Mid October 1864

After the Battle of Allatoona Pass, Hood continued to move his army to the north and west of Atlanta.  He threatened the Federal supply line in several locations, but did not do any real lasting damage.  He was pursed for a short while by Sherman and his army, but as the Confederates moved farther west into Alabama, Sherman held his position along the railroad and upon receiving orders to proceed with his plan to March to the Sea, he began making preparations.  He established a headquarters in Kingston and directed all the activities in preparation for the March.  He ordered all the non essential personnel and equipment in Atlanta to be sent back to Chattanooga and had rations and ammunition stockpiled in Atlanta for their departure in early November.

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During the Federal Occupation of Atlanta, many of the Federal troops had constructed improved living quarters in anticipation of staying the winter.  They scavenged the many destroyed structures around Atlanta for the materials to construct their small shacks.
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More improved living quarters near the Atlanta City Hall and Fulton County Court House.  The Federal units assigned as the Provost Guard made their quarters here, where the current Georgia State Capitol now sits.
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Early September 1864

After the Battle of Jonesboro, Sherman’s Army followed the Confederates to Love Joy’s Station, where Hood rejoined Hardee with Stewart’s and Lee’s Corps.  Sherman skirmished a day or so and then after learning that the XX Corps had entered Atlanta, he withdrew from Love Joy’s Station and marched back to Atlanta to claim his prize and losing what many consider to have been a prime opportunity to crush Hood and the Army of Tennessee once and for all.  Having taken Atlanta, Sherman decided he had reached his objective and did not think it was worth the bloodshed to continue pressing his advantage.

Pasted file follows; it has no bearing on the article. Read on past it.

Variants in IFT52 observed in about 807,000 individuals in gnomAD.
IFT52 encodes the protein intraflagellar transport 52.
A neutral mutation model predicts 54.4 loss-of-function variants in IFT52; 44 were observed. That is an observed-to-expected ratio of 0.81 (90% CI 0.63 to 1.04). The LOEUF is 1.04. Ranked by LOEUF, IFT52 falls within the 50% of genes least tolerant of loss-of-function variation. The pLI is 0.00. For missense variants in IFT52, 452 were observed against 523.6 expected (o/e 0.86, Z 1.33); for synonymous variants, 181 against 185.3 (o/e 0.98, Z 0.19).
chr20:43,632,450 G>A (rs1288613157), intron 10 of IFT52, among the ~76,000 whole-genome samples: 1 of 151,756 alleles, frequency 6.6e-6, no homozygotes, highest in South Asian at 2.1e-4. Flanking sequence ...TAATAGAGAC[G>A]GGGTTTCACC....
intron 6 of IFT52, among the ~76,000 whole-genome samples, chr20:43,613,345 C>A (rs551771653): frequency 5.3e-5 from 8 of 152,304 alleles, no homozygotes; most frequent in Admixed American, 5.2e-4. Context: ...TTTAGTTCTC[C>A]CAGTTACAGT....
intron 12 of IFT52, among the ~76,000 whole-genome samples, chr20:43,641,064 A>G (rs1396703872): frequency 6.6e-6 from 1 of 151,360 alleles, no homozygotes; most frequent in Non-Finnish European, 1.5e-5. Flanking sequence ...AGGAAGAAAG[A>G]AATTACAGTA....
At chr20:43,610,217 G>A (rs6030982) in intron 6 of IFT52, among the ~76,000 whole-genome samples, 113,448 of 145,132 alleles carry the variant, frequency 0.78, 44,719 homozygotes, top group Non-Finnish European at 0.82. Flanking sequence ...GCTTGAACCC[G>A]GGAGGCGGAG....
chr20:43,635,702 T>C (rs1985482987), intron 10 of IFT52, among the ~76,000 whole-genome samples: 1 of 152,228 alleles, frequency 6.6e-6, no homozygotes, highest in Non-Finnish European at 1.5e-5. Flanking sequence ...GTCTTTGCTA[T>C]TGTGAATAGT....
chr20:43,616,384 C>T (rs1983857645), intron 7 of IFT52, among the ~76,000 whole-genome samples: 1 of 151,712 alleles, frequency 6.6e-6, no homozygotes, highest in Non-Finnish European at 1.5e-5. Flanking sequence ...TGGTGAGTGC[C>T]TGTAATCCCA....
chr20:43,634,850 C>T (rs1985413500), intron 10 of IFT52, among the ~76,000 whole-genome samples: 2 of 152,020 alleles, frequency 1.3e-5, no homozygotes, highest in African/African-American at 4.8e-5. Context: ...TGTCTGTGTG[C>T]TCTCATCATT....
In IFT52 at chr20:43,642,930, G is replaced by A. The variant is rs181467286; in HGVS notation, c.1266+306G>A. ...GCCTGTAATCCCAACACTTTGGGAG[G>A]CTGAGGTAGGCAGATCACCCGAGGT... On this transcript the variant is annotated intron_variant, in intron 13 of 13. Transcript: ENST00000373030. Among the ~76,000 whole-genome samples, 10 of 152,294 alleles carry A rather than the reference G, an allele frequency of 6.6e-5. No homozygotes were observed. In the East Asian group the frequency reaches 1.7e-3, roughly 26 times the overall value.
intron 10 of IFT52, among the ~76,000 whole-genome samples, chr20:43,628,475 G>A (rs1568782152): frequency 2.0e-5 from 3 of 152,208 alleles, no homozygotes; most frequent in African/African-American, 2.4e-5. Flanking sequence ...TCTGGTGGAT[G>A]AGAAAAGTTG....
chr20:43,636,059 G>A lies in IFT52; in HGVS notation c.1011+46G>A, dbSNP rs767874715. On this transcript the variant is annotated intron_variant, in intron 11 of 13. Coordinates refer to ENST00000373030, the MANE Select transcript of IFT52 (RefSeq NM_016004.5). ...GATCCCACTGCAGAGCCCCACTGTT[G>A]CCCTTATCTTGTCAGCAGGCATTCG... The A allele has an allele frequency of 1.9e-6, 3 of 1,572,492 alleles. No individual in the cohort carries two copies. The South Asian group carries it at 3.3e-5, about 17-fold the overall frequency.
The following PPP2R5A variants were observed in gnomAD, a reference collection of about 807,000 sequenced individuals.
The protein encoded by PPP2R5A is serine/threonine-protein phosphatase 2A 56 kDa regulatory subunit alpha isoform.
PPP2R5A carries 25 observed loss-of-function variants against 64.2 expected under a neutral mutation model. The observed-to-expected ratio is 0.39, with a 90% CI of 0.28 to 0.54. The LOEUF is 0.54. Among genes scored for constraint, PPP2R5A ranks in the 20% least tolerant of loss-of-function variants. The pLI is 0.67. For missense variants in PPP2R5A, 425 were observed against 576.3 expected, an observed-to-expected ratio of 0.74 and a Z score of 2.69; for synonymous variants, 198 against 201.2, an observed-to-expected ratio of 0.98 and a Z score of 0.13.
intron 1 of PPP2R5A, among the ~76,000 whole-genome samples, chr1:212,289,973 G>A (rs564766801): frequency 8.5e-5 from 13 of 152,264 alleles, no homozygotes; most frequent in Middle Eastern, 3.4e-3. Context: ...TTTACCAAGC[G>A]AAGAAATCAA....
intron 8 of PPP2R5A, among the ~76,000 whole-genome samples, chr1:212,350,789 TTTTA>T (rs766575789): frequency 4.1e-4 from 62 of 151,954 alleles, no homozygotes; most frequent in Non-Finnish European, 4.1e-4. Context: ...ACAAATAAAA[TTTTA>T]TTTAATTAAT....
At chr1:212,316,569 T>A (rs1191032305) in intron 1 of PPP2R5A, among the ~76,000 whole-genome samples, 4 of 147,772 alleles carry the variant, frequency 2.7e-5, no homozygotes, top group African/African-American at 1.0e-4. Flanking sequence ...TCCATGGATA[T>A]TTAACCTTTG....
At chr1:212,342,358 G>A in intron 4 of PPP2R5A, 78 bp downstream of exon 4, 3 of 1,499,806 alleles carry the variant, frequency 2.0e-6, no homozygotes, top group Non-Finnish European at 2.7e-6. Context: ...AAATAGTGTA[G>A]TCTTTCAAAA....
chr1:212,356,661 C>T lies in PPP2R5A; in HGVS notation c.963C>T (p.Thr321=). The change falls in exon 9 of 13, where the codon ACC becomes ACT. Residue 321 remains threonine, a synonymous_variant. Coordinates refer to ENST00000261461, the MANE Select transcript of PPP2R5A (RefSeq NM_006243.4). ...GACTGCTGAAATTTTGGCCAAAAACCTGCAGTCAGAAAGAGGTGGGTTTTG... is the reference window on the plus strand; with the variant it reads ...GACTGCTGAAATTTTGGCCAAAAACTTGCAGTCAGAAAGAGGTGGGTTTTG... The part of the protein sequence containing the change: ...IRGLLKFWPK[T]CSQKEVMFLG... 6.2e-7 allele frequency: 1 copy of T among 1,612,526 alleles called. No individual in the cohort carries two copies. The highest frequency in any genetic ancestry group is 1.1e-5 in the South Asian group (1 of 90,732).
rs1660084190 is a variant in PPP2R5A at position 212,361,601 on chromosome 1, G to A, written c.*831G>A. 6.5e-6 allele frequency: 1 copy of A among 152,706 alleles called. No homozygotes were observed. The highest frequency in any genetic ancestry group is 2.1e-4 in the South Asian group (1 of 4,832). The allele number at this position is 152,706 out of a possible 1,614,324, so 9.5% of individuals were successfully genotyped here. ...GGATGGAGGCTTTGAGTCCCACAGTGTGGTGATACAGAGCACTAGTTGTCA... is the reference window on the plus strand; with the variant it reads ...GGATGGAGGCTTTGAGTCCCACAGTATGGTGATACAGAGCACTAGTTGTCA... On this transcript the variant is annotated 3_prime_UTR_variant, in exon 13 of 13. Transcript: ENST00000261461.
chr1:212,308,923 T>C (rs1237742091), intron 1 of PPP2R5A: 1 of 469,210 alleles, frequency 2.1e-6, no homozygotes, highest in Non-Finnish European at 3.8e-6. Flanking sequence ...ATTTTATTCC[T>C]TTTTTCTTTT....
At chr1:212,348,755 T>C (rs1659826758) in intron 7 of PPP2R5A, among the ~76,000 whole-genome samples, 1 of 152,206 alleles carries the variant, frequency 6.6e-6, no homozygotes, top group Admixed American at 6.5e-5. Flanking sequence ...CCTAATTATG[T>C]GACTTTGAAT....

Upon entering Atlanta, Sherman established his headquarters and began to restore order to the town.  He decided that it was a military outpost and ordered all civilians to evacuate.  A truce was negotiated with Hood, who was not happy about civilians being forced from their homes, and the civilians were given a choice of taking a train north or one to the south.  The ones that choose a train south, were sent to Rough and Ready, where they had to disembark and travel to Love Joy’s Station by wagon.  About half the cities population went north and the other half went south.  There were some civilians that were allowed to stay as they were given jobs by the Federals.

Poe, Sherman’s Chief Engineer, immediately started to rebuild and strengthen the defensive line around the city.  He built artillery forts connected with infantry trenches.  With much of the city in ruin, the soldiers started to use building materials from destroyed structures to begin building small shacks as living quarters.  Sherman also began to rest and resupply his armies in preparation for his next sortie into the heart of the Confederacy.

Many of the period images that exist of Atlanta come from this time of the campaign.  George Barnard entered the city to document the Federal occupation.  There are many iconic images of the Federals and their forts in Atlanta.

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After the Federal occupation of Atlanta, General Sherman forced all the civilians out of the city.  Those that chose to go south were sent to Rough and Ready, a railroad way station just south of town.  It is now called Mountain View sits east of the Atlanta Airport between I-75 and I-285.  Here, civilian and their belongings were transferred from the wagons of Union soldiers to the wagons of the Confederates.  The Confederates carried them south to the point where the railroad was usable and the civilians were transferred again to trains.